If you would like to see the expanded version, go to his blog, Atheist Central, and look on the right side of the page a little ways down.
• If God didn’t exist, the atheist wouldn’t have something to not believe in.
• An atheist is someone who believes that nothing made everything.
• An atheist is someone who pretends that there is no God.
• The human propensity to gullibility is evidenced by evolution’s many believers.
• It is impossible for a Christian to convert to atheism because a Christian is someone who knows God.
• We have men who call themselves scientists, when they should have instead got a job with Disney as “imagineers.”
• School children should have evolution explained to them, so that they can see how unscientific and crazy it is.
Much ink has been spilled in the skeptical community over the issue of labels. What should we call ourselves: atheists, or agnostics? Which term is more “justified”? Here, I toss my own hat into the ring on this question… and then I will argue that this issue is unimportant, distracting, and, potentially, divisive.
There is at least a small upside to this issue, which is why I’m including my own reasoning. The only potentially serious function it has, in my view, is that it provides a convenient arena in which to explore some epistemology. “Epistemology” is that branch of philosophy that deals with knowledge – how do we know what we know? Hashing out the atheist vs. agnostic question can be an entry way into how we approach questions of knowledge. We can sharpen our critical thinking skills and learn some philosophy to boot. To the degree that they serve that purpose, such debates can be informative, maybe even useful. There’s a serious downside, though, but I’ll save that for the end. So, for what intellectual exercise it’s worth, here’s my take on this question:
I start by defining terms: theism, of course, refers to belief in god(s). Atheism, then, obviously refers to a lack of belief in god(s). Agnosticism is the assertion that it is not possible to know the answer, and thus a refusal to opine (with any confidence) on the existence of god(s).
Now, some atheists define atheism broadly. They suggest it can mean one who asserts, “there is no god”, but also one who simply lacks (by choice or happenstance) any belief in god. This is a rather fine distinction, but real enough, I think. The former position is sometimes called “hard” atheism, the latter, “soft” atheism. However, since a “soft” atheist (a) does not assert “there is no god”, and also (b) does not assert “there is a god”, for my part I do not see any difference between this position, and agnosticism. So, for my usage of these terms below, I will restrict the word “atheism” to the “hard” variety: an atheist is one who asserts “there is no god.”…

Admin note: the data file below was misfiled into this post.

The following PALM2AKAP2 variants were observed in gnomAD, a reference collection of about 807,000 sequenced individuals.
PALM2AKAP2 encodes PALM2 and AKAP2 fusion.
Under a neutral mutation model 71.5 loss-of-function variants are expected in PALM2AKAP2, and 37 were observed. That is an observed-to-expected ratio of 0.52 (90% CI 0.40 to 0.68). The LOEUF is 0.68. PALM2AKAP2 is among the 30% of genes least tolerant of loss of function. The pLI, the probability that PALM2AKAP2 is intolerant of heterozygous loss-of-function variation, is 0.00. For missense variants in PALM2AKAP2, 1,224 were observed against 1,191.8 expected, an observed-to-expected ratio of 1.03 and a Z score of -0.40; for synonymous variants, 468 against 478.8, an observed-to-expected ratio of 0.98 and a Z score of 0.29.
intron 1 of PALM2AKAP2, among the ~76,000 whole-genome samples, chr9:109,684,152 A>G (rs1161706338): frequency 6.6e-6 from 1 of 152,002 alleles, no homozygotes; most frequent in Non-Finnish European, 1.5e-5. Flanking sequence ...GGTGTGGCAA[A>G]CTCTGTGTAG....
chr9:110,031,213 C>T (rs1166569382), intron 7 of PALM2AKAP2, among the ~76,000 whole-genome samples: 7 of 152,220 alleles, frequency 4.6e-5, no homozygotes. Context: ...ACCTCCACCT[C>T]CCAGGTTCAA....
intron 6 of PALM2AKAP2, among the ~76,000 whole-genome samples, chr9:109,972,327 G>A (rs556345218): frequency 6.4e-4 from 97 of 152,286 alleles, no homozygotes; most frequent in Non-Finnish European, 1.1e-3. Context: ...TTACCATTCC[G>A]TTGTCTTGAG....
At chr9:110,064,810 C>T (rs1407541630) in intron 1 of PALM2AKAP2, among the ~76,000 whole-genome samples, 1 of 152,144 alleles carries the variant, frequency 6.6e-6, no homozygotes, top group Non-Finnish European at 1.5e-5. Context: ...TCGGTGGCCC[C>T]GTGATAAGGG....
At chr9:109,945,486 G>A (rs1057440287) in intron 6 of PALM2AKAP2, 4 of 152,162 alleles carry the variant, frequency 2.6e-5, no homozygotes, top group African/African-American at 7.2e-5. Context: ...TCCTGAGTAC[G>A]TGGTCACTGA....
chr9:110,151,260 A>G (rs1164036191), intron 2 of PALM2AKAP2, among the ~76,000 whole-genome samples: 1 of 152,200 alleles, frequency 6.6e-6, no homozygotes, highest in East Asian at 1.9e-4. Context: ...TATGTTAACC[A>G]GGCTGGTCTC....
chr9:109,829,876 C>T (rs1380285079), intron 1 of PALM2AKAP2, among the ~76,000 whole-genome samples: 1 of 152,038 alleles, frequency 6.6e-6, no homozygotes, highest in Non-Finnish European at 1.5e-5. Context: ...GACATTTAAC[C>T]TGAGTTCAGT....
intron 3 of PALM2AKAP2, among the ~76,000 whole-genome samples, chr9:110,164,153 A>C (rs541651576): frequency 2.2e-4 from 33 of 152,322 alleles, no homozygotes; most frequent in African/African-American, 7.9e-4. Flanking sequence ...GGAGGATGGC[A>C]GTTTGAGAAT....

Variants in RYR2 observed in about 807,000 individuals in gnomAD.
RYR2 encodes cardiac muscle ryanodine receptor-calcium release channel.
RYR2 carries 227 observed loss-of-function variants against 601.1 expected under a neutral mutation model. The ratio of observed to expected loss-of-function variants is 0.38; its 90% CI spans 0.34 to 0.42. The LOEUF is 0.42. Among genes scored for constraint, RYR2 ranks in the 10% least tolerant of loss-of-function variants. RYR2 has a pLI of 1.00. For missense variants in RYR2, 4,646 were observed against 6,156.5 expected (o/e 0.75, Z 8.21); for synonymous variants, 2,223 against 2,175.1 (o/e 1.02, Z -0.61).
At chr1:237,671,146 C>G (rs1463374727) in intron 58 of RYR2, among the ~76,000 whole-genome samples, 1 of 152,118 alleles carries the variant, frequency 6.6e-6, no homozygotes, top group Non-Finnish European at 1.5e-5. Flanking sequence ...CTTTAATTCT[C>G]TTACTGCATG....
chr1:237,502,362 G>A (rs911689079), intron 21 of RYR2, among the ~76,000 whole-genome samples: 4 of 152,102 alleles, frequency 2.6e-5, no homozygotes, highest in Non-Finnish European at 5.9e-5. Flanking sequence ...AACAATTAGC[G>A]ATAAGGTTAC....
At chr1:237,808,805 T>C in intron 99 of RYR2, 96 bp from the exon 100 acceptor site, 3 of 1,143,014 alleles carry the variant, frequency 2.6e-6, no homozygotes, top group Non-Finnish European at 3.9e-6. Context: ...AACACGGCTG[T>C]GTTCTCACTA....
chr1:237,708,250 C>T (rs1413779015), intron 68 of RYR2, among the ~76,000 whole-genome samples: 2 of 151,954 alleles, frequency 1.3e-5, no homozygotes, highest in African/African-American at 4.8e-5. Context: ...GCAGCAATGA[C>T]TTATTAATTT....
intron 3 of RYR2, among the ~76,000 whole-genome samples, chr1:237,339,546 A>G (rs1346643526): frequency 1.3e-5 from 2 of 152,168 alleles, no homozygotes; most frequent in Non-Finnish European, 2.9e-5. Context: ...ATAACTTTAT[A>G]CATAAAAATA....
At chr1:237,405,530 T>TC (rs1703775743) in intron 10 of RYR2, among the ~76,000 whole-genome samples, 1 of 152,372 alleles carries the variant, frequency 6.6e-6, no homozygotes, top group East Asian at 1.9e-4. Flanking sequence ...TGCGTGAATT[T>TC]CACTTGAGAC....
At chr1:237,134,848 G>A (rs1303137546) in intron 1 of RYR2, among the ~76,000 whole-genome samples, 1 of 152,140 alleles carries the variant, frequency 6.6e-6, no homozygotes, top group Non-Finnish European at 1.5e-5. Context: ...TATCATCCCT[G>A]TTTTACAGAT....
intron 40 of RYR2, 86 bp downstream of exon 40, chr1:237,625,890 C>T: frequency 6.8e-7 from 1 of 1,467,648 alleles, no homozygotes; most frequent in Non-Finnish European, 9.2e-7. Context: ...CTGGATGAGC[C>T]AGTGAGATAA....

Discussions between religious believers and nonbelievers frequently come to a point at which one participant asks the other(s), “What would it take to convince you that there is/is not a god?”
My current answer to that question is this:
All I’d need to believe in to believe in god would be a direct, unequivocal, simultaneous revelation of him/her/itself to all humankind.
Sacred writings are insufficient – we already have plenty of those; they are only persuasive to those who, for psychological, emotional and sociological reasons are predisposed to believe them. Moreover, many of them contradict each other and there are no standardized criteria by which humanity can separate the wheat from the chaff.
Personal testimonies are insufficient – we already have plenty of those; they are totally subjective events, which can be described to, but not experienced by, others. Therefore, differing interpretations of the events are not easily resolved.
Traditions and creeds are insufficient – we already have plenty of those; many of them continue to be useful at the current time, and others have been discarded for more effective or humane alternatives.
Miracles are insufficient – we already have plenty of purported miracles that have, eventually, been explained as natural phenomena. Even if one grants that some events have not been explained – yet – as natural phenomena, the odds are that natural explanations for these events will be discovered eventually. Moreover, even if an event could only be explained as miraculous, then that explanation would raise a plethora of questions about the being that performed the miraculous act: its identity; its character; its intentions toward humankind…